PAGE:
BAGHDAD – Iraq’s parliament on Thursday approved a landmark military pact that will see all US troops withdraw by the end of 2011, eight years after the invasion that toppled Saddam Hussein and plunged the country into chaos.
After 11 months of hard-nosed negotiations with Washington and a flurry of domestic political horse-trading leading up to the vote, the pact was approved by 149 members of the 198 who attended the session of the 275-member assembly.
The final count of the votes was provided by the office of Deputy Parliamentary Speaker Khaled al-Attiya, which corrected an earlier count announced during the parliamentary session itself.
Prime Minister Nuri al-Maliki’s Shiite-led government succeeded in corralling a majority to support the historic agreement, including the main blocs representing the country’s Sunni and Kurdish minorities.
“Today if this passes it will be a victory for democracy because the opposition have done their part and the supporters have done their part,” government spokesman Ali al-Dabbagh said ahead of the vote.
“It is good to see that representatives have reached a national consensus.”
The agreement was approved by the cabinet a week ago and is now virtually guaranteed to be ratified by Iraq’s presidential council.
The United States hailed the passing of the agreement, saying it would “formalise a strong and equal partnership” in a statement from Ambassador Ryan Crocker and General Ray Odierno, the top commander of US troops in Iraq.
“(The agreement) provides the means to secure the significant security gains we have achieved together and to deter future aggression,” they said. “We congratulate the government of Iraq and its elected representatives.”
The measure would govern some 150,000 US troops stationed in over 400 bases when their UN mandate expires at the end of the year, giving the Iraqi government veto power over virtually all of their operations.
It marks a coming-of-age for Maliki’s government, which drove a hard bargain with Washington, securing a number of concessions over nearly a year of tough negotiations.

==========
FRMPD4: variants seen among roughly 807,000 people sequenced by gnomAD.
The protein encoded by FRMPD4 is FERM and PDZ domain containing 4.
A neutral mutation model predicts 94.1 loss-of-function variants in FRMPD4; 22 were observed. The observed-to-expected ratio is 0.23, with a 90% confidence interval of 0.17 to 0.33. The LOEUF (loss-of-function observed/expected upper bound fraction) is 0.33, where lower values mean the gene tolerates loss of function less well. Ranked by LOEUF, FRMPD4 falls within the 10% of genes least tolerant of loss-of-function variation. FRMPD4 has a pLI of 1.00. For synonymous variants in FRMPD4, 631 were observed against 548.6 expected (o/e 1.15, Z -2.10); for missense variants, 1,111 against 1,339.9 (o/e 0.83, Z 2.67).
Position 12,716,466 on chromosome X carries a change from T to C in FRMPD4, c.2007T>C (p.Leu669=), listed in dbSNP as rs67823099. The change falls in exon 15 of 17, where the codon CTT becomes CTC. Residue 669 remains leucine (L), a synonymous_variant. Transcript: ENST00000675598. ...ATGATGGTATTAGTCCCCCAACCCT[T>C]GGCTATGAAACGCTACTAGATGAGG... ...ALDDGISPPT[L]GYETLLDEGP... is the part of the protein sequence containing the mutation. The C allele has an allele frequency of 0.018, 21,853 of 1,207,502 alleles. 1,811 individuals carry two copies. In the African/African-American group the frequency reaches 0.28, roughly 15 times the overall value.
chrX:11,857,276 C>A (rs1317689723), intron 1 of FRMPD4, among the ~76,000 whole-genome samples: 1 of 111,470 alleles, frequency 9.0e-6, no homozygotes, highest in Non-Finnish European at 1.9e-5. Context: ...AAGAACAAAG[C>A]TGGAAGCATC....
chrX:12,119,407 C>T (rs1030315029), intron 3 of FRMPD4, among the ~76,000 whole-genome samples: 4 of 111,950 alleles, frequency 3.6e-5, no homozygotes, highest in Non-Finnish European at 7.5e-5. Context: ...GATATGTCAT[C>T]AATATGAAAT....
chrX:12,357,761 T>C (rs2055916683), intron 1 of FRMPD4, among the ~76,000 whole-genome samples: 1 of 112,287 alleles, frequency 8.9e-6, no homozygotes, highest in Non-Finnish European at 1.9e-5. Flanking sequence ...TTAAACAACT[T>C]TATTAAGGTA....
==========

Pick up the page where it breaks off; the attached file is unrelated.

The accord has still drawn fire from certain quarters, including followers of the hardline Shiite cleric Moqtada al-Sadr, who reject any agreement with the United States and who protested at the accord in Baghdad last Friday.
As the voting on the pact began several Sadrist MPs pounded tables in a bid to hinder the vote, chanting “Yes, yes to Iraq… No, no, to the occupation,” but the 30-member bloc failed to defeat the agreement.
The vote came after a flurry of last-minute negotiations in which the main Sunni parties secured a package of political reforms from the government and a commitment to hold a referendum on the pact in the middle of next year.
Should the Iraqi government decide to cancel the pact after the referendum it would have to give Washington one year’s notice, meaning that troops would be allowed to remain in the country only until the middle of 2010.
The pact was made possible in part by dramatic improvements in security over the past year, with US and Iraqi forces largely containing the violence and the chaos that erupted in the wake of the 2003 US-led invasion and Saddam’s ouster.
But moments before the vote two people were killed and more than two dozen wounded in separate suicide bombings in northern Iraq targeting local security forces, underscoring the lingering violence in the country.
In the first attack south of the city of Mosul, a suicide car bomb rammed into a police patrol, killing two civilians and wounding 25 others, including 15 policemen, police said.
In the second, a bomber strapped with explosives wounded four people when the attacker targeted a police patrol in the centre of Mosul — which the US military considers the last urban bastion of Al-Qaeda in Iraq.
Iraq won a number of concessions in the agreement, including a hard timeline for withdrawal, the right to search US military cargo and the right to try US soldiers for crimes committed while they are off their bases and off-duty.
The agreement also requires that US troops obtain Iraqi permission for all military operations, and that they hand over the files of all detainees in US custody to the Iraqi authorities, who will decide their fate.
The pact also forbids US troops from using Iraq as a launch-pad or transit point for attacking another country, which may reassure Syria and Iran, according to the official Arabic version of the pact, translated by AFP.
Source / ABS/CBN News / Agence France-Presse
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* SOFA = Status of Forces Agreement